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Thier actions, or lack, do not effect your ability to file for bankruptcy.

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You have to, it is a debt...it is just a secured debt...by the lien on the property.

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It is less detrimental to your credit score to be late on paying your bills (more than 30 days late) than it is to file bankruptcy.

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Bankruptcy should be removed after 6-7 years from discharge, if you have another bankruptcy within 6-7 years, it will take longer to remove or could be permanently on your file

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Well, unfortunately it is going to drop and be listed for about 4 years I believe.

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Filing bankruptcy does not remove a charge off report from a credit card on your credit report. It just adds bankruptcy to your credit report.

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Late payment will drive your credit score into the ground rapidly. Many people question filing a Bankruptcy even though their credit is shot through late payments on mortgages and other bills. Filing Bankruptcy put all collection activity on hold and your accounts show current and up to date as long as you make your payments on time. Most people are surprised tofine their credit in much better shape after a BK than before with a much higher credit score Late payments can always be corrected, and this will be reflected on your credit file. Bankruptcy, however, will stay on your credit file for six years.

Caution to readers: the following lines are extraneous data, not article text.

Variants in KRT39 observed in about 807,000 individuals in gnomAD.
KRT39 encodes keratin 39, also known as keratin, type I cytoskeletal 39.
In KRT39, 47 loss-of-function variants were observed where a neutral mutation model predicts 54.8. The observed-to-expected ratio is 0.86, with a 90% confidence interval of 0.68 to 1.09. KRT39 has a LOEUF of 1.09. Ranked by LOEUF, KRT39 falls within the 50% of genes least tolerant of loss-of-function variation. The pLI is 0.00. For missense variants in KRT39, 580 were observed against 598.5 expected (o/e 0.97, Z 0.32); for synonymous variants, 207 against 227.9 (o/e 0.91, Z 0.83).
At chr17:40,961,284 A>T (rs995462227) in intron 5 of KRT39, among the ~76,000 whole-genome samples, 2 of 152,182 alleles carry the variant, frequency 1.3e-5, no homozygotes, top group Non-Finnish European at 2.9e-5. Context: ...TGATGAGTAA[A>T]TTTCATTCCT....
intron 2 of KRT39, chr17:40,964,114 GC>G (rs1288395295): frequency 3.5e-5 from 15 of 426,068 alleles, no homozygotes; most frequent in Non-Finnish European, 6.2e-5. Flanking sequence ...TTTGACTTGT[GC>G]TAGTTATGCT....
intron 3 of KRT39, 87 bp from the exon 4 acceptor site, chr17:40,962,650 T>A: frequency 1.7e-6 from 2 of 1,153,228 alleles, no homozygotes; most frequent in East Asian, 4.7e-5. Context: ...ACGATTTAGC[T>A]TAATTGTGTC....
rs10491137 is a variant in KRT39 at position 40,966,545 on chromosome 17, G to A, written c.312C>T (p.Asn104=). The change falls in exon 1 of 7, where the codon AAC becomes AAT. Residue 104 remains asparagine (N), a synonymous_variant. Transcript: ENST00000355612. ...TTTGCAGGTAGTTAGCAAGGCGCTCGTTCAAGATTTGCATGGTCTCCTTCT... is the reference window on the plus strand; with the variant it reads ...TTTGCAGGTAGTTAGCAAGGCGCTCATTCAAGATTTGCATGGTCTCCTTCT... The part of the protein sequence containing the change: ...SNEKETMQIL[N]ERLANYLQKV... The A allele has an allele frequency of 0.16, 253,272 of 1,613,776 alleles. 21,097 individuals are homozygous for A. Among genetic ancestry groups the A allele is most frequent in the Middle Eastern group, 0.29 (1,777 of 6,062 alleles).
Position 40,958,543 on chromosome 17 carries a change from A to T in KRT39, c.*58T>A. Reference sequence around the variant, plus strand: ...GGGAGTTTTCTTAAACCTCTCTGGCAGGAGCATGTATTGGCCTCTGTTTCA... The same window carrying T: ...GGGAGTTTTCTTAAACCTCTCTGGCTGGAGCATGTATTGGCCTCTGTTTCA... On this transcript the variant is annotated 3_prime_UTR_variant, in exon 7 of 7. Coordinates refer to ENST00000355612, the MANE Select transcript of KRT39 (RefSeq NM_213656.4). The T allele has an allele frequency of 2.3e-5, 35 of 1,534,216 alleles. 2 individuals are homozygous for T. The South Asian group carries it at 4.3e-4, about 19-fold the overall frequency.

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If a consumer does multiple inquiries into their credit file, your score will drop, especially if your inquires are from credit card companies. The theory is: a consumer may not have enough money and needs more credit to sustain his/here lifestyle which bring in more debt, thus applying for more credit.

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Your credit report is irrelvent. Certainly many debts are not on one. If you owe the debt, report it.

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File for bankruptcy and then try and start over. Your credit will be messed up though.

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Only if you think that you cannot get out of the debt, or if your credit score is already very bad.

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as long as your credit file contains negative information it will always impact your credit score

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After your discharge, you can purchase a home at any time. If you pay cash, you may have some serious problems explaining where the money came from and why it was not reported in the bankruptcy documents. If you apply to borrow, you will have trouble qualifying for a mortgage, since credit score will be low, due to the bankruptcy and the poor credit you had prior to filing. You will have to be serious about repairing your credit score, and it will take 3-4 years for you to do that.